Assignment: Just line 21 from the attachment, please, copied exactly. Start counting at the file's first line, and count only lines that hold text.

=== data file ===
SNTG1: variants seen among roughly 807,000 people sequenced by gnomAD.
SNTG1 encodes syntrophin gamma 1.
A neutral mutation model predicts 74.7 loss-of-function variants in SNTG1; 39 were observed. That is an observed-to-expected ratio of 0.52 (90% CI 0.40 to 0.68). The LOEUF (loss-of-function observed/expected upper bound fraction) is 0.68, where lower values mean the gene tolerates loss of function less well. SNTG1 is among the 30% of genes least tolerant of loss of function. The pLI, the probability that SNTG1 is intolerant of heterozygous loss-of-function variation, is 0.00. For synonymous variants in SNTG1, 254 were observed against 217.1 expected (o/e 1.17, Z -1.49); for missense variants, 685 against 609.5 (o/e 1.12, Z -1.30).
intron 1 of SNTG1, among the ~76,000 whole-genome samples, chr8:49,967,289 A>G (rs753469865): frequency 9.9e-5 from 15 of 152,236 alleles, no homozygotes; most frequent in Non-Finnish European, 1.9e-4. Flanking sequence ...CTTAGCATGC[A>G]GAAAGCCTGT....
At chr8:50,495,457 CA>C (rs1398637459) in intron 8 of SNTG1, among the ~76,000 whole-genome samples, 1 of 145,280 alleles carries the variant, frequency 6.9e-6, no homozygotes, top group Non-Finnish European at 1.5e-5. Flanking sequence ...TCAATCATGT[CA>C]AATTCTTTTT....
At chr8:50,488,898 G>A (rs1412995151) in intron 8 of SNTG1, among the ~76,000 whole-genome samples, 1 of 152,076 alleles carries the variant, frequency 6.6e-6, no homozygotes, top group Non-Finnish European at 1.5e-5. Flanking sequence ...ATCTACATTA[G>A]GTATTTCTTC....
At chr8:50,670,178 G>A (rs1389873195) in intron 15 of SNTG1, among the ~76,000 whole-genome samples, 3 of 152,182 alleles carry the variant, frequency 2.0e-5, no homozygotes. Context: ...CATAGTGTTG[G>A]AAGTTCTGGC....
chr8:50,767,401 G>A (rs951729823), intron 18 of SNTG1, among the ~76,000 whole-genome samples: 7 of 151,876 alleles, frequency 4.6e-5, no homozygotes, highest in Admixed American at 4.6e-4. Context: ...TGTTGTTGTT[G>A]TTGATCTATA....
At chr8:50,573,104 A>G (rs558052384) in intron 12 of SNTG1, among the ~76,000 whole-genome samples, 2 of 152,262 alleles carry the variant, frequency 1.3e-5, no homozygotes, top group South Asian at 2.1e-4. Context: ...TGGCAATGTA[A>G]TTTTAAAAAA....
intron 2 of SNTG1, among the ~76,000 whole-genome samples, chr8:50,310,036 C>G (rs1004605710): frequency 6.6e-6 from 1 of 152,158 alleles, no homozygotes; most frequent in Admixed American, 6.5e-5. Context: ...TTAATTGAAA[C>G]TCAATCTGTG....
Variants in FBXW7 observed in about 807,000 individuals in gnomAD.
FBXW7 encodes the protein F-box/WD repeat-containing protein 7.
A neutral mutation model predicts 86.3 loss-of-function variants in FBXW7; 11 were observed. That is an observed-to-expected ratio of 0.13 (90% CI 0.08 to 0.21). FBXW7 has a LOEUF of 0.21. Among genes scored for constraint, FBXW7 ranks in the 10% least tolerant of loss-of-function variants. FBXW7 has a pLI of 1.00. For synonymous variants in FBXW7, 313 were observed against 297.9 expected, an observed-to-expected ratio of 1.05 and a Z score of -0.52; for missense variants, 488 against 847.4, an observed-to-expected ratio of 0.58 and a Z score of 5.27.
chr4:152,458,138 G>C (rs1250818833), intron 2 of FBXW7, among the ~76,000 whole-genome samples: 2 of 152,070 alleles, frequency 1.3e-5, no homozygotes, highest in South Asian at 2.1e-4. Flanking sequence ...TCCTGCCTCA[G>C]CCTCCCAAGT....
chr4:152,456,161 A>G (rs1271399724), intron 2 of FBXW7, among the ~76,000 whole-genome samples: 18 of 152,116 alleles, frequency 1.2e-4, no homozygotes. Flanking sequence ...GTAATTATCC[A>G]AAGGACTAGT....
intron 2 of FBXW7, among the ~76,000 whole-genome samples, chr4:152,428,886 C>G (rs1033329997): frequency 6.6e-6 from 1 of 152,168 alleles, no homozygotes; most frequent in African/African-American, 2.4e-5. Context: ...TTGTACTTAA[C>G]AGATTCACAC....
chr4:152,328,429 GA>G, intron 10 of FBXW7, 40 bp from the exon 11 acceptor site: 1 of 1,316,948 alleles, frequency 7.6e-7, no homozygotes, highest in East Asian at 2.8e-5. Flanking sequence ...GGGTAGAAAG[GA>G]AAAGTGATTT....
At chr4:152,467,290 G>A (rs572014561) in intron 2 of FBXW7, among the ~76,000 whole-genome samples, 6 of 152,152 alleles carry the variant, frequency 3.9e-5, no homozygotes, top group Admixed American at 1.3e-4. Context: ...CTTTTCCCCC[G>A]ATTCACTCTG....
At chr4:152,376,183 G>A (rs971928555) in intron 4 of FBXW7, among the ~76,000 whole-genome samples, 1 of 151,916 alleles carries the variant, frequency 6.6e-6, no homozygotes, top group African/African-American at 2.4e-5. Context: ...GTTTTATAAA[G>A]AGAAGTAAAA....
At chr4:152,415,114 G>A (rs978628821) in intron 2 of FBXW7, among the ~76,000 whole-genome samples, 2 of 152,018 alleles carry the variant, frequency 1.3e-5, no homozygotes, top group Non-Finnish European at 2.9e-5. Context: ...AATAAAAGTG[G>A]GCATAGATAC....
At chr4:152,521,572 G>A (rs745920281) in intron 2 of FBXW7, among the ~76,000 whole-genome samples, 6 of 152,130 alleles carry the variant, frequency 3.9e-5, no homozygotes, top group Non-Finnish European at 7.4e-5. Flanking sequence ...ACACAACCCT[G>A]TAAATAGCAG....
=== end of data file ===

At chr4:152,521,572 G>A (rs745920281) in intron 2 of FBXW7, among the ~76,000 whole-genome samples, 6 of 152,130 alleles carry the variant, frequency 3.9e-5, no homozygotes, top group Non-Finnish European at 7.4e-5. Flanking sequence ...ACACAACCCT[G>A]TAAATAGCAG....